As the tools hackers use to prey on internet users become more advanced, it’s important to keep up to make sure your accounts are secure. Basic passwords simply won’t cut it anymore, and password retrieval options that allow you to use outside sources like your email to change your password mean that a single compromised password can put your entire identity at risk.
Enterprise password managers are a powerful means to protect your identity, but there are some things you should know to make the most of these types of software.
1. Easy to Remember Passwords Are Also Easy to Exploit
Maintaining your security means using unique passwords for all of your important accounts, but the easier it is to remember, the easier it is to exploit. The availability of important information means that using important names or dates can put you at greater risk, and security experts suggest that your password should be at least 16 characters and combine both lowercase and uppercase letters, numbers, and symbols.
An enterprise password manager can help you evaluate the security of your passwords, and they can even automatically generate a highly secure code for you to use.
2. Managers Reduce the Need to Remember Multiple Passwords
When you set a password manager to handle your accounts, it essentially serves as a skeleton key. That means you can retain individual passwords for all of your accounts and make them as complicated as possible while also eliminating the need to remember any of them.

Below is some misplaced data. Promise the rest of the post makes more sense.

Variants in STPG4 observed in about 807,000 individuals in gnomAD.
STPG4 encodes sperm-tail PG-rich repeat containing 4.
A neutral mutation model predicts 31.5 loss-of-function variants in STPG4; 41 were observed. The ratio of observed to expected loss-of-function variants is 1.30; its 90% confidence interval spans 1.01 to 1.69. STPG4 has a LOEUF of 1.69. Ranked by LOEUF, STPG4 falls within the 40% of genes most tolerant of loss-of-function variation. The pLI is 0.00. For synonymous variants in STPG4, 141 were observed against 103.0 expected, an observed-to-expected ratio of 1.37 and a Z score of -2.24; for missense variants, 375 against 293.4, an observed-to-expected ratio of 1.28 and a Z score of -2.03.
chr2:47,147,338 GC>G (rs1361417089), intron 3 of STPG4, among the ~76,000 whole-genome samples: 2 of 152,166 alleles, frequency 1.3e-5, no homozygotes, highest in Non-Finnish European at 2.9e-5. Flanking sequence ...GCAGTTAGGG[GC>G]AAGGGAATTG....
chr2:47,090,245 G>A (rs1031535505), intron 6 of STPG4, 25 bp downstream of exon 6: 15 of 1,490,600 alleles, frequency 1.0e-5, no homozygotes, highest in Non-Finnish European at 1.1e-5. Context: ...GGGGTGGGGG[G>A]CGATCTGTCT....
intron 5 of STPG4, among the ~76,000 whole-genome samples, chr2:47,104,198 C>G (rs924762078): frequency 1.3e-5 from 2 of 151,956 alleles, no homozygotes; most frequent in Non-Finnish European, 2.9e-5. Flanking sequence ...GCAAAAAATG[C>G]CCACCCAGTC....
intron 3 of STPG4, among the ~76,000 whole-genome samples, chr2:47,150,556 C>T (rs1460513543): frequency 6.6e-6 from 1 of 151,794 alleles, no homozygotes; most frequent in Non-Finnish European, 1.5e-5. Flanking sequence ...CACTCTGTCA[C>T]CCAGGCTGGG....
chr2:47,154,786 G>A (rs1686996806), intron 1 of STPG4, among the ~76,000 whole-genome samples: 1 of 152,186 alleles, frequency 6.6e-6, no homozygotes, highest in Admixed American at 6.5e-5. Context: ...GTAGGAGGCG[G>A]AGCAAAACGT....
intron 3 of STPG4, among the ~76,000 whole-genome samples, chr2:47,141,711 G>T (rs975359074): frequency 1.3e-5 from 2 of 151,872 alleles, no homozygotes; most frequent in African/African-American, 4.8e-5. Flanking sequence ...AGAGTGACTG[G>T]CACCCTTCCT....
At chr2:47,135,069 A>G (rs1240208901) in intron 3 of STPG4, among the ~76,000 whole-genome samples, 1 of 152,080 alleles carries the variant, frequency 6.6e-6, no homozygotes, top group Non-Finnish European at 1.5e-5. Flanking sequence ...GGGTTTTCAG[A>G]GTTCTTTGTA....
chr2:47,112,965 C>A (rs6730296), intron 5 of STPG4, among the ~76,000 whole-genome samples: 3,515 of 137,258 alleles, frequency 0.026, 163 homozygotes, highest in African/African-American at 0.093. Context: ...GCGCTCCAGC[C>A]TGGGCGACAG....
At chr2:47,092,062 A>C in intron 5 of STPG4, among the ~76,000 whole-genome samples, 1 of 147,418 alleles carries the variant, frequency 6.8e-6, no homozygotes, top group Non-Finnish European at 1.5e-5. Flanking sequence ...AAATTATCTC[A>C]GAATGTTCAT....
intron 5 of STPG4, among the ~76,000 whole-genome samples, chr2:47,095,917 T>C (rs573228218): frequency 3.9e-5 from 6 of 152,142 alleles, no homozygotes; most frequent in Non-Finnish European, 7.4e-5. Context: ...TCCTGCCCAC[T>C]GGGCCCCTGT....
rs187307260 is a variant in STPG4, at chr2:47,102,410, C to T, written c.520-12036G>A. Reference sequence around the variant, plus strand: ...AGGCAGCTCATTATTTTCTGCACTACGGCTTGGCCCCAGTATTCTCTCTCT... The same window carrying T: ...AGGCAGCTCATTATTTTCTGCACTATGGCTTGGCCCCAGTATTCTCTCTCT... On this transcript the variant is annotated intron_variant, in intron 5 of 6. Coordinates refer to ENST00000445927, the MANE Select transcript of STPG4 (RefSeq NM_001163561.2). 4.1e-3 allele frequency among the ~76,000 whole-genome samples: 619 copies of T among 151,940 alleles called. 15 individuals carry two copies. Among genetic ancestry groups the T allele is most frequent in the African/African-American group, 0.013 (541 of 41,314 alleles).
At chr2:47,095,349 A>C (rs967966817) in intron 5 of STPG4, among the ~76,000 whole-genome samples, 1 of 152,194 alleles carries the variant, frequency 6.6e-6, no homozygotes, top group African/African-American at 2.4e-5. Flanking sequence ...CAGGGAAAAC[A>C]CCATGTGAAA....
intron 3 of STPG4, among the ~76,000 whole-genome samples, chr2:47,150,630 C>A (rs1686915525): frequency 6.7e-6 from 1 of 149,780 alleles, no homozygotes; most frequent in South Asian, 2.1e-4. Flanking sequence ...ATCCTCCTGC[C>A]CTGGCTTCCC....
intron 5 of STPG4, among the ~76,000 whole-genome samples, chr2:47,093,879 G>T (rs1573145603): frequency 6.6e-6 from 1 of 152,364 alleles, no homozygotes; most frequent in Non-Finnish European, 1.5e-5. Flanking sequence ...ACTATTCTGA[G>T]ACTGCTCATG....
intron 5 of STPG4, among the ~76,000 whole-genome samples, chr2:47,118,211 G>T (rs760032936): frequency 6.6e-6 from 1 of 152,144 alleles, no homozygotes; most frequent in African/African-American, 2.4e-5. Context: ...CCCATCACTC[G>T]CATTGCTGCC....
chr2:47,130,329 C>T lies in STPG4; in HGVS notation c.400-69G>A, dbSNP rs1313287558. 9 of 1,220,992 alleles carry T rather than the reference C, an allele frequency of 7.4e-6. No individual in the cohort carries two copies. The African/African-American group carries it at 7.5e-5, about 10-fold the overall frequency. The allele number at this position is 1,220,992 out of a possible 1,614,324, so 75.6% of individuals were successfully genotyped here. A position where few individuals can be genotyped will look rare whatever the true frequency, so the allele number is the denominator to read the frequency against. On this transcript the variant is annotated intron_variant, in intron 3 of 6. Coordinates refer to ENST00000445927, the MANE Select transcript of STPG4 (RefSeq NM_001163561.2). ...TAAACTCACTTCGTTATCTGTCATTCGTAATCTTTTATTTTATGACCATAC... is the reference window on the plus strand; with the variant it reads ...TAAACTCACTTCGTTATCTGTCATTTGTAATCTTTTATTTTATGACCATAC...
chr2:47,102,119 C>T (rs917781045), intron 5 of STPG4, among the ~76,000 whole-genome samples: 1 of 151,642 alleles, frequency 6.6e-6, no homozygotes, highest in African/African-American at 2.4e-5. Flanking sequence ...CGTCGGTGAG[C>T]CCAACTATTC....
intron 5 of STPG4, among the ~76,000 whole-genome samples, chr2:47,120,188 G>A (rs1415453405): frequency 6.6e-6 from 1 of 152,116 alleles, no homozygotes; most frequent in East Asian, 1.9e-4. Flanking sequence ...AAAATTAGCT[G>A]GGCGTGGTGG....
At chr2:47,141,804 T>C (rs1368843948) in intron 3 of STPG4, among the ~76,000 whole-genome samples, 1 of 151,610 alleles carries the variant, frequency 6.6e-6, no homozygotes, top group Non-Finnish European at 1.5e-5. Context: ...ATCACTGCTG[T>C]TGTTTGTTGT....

Of course, you’ll want to make your single access key complicated, as it could otherwise give a hacker access to all of the subsidiary accounts, but many managers make this easy by allowing you to simply copy and paste the password whenever you need to use it.
3. Password Managers Work Across Different Platforms
Most users don’t use a single machine to access their information. Chances are that you’ll want to access many of your accounts through a regular computer, a work computer, and a mobile device. Password management software makes this easy. Most of them come with both dedicated mobile and desktop apps, and you can sync your account across all of your devices so you can shift between workstations on the fly. Most also come with plugins to make it more convenient to get into your accounts using your browser without having to open an outside application.
4. They Work Well on Public Machines
Whether you’re looking to check your personal information on a library computer or a friend’s laptop, password managers make it easy. You can either use the web-based version of the software or the phone application to log right into all of your accounts. Just be careful to sign out of all accounts, particularly your manager account, before you leave.
5. Check With Your Company Before Using it at Work
Depending on the protocol your IT team has in place, the password manager you use may or may not be accepted. Check with your supervisors to see if they already have a dedicated password manager in place and if they’ll allow you to install your own software on your office computer.